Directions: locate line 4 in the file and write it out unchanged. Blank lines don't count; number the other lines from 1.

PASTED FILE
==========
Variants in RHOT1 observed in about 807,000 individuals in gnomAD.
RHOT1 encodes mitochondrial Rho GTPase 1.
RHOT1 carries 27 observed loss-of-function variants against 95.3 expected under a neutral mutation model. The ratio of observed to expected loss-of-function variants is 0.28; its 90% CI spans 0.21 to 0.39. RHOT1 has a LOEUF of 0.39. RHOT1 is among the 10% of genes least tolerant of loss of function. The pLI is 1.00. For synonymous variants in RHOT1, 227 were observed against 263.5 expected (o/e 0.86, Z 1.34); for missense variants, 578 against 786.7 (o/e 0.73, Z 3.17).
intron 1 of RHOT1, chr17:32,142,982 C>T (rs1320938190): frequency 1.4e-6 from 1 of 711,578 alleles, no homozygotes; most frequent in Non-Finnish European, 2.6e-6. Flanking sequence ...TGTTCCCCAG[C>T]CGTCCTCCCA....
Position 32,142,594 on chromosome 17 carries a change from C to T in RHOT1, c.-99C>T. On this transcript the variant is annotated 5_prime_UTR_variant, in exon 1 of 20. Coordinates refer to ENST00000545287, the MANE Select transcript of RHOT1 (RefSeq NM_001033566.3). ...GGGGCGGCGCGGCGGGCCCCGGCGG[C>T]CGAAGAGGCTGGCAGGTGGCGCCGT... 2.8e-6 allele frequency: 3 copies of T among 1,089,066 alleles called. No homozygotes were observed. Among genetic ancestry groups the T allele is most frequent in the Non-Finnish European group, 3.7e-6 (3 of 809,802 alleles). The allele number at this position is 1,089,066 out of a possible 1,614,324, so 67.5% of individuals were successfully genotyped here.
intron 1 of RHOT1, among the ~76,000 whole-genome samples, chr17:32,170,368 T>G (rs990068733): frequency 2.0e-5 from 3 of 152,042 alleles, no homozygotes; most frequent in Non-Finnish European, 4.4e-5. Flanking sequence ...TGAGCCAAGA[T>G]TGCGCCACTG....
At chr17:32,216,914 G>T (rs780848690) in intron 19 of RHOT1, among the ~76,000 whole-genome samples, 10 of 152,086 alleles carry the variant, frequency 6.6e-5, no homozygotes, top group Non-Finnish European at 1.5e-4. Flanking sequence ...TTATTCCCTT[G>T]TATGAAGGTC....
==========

intron 1 of RHOT1, chr17:32,142,982 C>T (rs1320938190): frequency 1.4e-6 from 1 of 711,578 alleles, no homozygotes; most frequent in Non-Finnish European, 2.6e-6. Flanking sequence ...TGTTCCCCAG[C>T]CGTCCTCCCA....